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Brazil: A Quick Honeymoon?

Dilma Rousseff must take the unpopular measures needed to keep inflation and account deficits from getting out of control.


Adorned with the green and yellow presidential sash, Dilma Rouseff was sworn in as Brazil's first female president. Her inauguration speech resounded Brazil's intent to play a leadership role in defining Latin America's place in a new multipolar world. She brimmed with self-confidence as she took the mantle from her hugely popular predecessor. The orderly transition of power was a major accomplishment for Lula, who took office in the midst of a major regional economic crisis and without the trust of his country's business class. However, a poll conducted during his last week in office found his approval rating at 87 percent, making him one of the most popular leaders in the world. The ability of a working class labor organizer to become one of the most successful and popular leaders of the world is a true testament to Brazil's tight social fabric. It is little wonder why the inauguration was such an emotional event. However, a series of important domestic and international challenges lie ahead for Dilma, which may shorten her honeymoon period.

On the domestic side, there are growing concerns about Brazil's quickening inflation rate. Consumer prices jumped 5.89 percent in December, skirting the upper edge of the central bank's inflation band. The annual inflation rate, as measured by the IPCA, rose at the fastest rate in two years. Now that the election cycle is finally over, the central bank will take measures to cool down the economy. With the pace of economic activity growing at more than 7.5 percent y/y, it is surprising that the inflation rate was not higher. An important factor that kept consumer prices in check was the appreciation of the currency and the surge in imports. The real appreciated 108 percent during Lula's eight years in office. This led to a gradual deterioration of the external accounts. Only three years ago, on the eve of the Lehman debacle, Brazil had a current account surplus of $7.5 billion. However, this year the shortfall will be more than $50 billion. The onrush of cheap imported goods forced producers to cut prices in order to preserve market share. However, the non-tradable sector was not under the same constraints. Moreover, a sharp increase in consumer credit and government spending gave further impetus to the level of economic activity. Now, Dilma must take the unpopular measures needed to keep the situation from getting out of control.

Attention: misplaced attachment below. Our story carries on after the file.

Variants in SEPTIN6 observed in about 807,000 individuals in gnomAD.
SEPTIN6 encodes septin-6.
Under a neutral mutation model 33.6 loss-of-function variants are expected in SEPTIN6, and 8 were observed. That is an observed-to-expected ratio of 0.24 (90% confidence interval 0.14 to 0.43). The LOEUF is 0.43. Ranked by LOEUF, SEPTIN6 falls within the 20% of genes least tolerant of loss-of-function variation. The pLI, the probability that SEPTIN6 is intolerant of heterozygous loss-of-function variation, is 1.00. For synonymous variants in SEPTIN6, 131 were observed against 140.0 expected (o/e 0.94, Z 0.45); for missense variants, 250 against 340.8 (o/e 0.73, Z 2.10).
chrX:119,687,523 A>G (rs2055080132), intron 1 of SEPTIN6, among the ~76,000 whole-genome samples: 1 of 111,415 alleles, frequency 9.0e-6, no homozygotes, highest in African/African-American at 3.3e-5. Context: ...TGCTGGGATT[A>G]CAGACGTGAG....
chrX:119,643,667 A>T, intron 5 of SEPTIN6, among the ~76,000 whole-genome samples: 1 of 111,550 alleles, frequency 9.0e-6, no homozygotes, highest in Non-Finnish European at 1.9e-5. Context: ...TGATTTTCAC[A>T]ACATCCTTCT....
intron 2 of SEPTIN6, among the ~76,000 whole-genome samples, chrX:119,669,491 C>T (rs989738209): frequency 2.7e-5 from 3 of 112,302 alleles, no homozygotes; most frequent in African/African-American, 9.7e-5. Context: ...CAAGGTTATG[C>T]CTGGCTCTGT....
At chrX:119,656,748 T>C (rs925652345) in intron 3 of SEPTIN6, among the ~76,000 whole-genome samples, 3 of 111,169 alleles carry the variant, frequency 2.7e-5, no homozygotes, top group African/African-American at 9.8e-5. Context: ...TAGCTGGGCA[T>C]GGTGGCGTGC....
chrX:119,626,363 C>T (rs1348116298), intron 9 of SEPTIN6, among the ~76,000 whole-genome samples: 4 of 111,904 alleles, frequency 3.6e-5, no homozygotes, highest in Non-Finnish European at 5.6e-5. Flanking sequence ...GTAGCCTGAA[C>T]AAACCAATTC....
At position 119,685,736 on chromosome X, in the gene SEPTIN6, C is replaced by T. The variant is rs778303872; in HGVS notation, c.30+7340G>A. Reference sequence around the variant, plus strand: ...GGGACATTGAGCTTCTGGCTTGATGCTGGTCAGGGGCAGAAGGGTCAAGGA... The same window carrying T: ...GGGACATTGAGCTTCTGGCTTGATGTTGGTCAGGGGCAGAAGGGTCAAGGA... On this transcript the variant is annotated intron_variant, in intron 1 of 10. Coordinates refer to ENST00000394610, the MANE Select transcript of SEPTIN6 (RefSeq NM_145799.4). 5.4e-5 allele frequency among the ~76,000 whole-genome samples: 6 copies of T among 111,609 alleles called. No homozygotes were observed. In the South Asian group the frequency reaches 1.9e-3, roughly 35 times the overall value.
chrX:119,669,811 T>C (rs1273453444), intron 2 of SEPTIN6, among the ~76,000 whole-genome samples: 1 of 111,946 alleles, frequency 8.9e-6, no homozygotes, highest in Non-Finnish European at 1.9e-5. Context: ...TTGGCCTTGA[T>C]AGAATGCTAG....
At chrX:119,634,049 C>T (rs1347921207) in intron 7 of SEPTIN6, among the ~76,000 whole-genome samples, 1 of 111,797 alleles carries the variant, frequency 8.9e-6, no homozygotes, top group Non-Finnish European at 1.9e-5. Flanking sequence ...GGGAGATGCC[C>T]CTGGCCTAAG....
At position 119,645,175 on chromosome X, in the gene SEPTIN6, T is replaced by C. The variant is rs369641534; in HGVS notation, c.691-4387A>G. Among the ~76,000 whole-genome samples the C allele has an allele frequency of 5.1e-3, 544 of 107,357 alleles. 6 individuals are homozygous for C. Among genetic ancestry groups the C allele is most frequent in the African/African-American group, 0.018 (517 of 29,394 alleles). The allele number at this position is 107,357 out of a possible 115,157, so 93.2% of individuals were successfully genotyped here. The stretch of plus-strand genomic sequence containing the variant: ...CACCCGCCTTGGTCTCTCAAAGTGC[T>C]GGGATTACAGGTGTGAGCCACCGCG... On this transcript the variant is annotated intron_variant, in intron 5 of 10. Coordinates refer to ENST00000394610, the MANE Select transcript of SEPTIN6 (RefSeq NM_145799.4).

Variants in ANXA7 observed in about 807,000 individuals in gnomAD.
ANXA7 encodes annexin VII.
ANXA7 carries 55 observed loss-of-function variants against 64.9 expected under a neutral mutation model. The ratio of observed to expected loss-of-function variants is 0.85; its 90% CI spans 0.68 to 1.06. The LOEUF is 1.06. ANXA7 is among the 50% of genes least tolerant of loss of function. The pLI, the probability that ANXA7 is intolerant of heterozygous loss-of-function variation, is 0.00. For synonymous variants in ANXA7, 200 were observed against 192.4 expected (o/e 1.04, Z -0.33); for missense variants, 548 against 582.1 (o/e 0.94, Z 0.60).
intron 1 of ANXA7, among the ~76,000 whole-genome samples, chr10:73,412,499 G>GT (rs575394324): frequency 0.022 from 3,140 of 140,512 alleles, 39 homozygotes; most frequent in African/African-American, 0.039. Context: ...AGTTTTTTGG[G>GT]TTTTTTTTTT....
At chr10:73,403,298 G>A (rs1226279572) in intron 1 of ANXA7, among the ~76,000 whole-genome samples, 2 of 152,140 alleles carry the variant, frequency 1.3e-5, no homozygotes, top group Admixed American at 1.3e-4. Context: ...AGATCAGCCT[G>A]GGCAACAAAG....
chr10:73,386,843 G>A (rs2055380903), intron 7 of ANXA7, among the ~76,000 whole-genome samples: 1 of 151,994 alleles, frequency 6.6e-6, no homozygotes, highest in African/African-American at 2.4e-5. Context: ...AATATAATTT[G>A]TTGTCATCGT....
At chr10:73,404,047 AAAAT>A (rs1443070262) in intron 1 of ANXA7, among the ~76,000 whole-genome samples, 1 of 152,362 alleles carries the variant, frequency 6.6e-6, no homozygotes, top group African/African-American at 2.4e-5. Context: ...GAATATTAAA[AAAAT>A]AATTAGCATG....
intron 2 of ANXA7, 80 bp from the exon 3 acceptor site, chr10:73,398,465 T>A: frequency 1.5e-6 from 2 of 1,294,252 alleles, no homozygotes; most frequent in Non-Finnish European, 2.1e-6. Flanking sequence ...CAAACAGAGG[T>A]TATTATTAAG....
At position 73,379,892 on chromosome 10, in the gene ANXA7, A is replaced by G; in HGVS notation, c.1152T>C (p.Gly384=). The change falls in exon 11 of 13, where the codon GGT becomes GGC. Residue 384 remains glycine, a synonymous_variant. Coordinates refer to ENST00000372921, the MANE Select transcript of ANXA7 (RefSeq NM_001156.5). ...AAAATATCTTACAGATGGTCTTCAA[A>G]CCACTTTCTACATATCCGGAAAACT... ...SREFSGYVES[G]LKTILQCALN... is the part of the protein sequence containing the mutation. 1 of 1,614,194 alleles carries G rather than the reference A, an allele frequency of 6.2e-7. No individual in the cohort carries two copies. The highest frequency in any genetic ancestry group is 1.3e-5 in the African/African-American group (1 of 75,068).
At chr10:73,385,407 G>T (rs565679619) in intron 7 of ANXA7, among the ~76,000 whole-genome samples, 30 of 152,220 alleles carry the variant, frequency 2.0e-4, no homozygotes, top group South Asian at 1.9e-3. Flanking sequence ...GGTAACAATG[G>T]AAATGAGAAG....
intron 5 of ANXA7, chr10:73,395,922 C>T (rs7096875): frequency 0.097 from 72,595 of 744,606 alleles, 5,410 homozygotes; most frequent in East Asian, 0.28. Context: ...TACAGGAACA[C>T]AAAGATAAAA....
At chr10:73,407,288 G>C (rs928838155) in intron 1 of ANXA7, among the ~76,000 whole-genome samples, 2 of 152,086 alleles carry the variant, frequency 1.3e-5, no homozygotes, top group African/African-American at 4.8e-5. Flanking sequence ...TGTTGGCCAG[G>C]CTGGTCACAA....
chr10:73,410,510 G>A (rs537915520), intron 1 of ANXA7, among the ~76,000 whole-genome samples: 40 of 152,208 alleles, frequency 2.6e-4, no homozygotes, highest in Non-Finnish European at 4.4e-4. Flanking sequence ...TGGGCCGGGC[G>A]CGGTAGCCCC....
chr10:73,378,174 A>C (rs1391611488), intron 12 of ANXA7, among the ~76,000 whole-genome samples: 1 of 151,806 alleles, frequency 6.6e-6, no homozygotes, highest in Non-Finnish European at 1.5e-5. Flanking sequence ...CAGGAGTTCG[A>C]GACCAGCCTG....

In her inauguration speech, she pledged to prevent the "plague" of inflation from undermining her plans to eradicate poverty. The market is already betting that her new central bank president, Alexandre Tombini, will have to raise the SELIC rate by 50 bps during the COPOM's next meeting on January 19. The local press is also speculating that the government will soon announce R$30 billion in spending cuts. The tightening of fiscal and monetary policies will make it difficult for the government to reach the 8 percent y/y GDP growth target that it set for next year. It will also put a great deal of strain on the financial sector, which is already under scrutiny in the aftermath of the problems at PanAmericano.

On the international side, Dilma will find it more difficult to carve out a larger space for Brazil. First of all, the BRICs will have less clout than they recently did due to the fact that their economies will be growing at a slower pace. Second, Dilma lacks the charisma and charm of her predecessor.

Hence, it is unlikely that she will play a similar role as he did on the global stage. Third, there are concerns about Brazil's ability to perform during the upcoming World Cup in 2014 and the Olympics in 2016. Efforts to modernize the country's infrastructure are moving at a snail's pace; meanwhile the calendar continues to march forward. A recent McKinsey report showed that less than 30 percent of the R$2.8 billion that was earmarked for the modernization of the country's airport infrastructure had been committed.

Fourth, Dilma will find the international arena less accommodating than her predecessor. The U.S. will try to reassert its will and influence, agreeing only to share the stage with major players, such as the European Union, Russia and China. Likewise, Brazil's attempt to play a bigger role in Africa will surely be met with resistance from the Chinese. Last of all, Brazilian firms will soon have to vie against Chinese multinationals for influence across Latin America, as the Asian behemoth stakes out new ventures in the resource-rich continent. Therefore, Dilma's honeymoon may prove to be short-lived. She has a difficult domestic agenda, and she may not enjoy such a warm reception within the international arena.

Walter Molano is head of research at BCP Securities.


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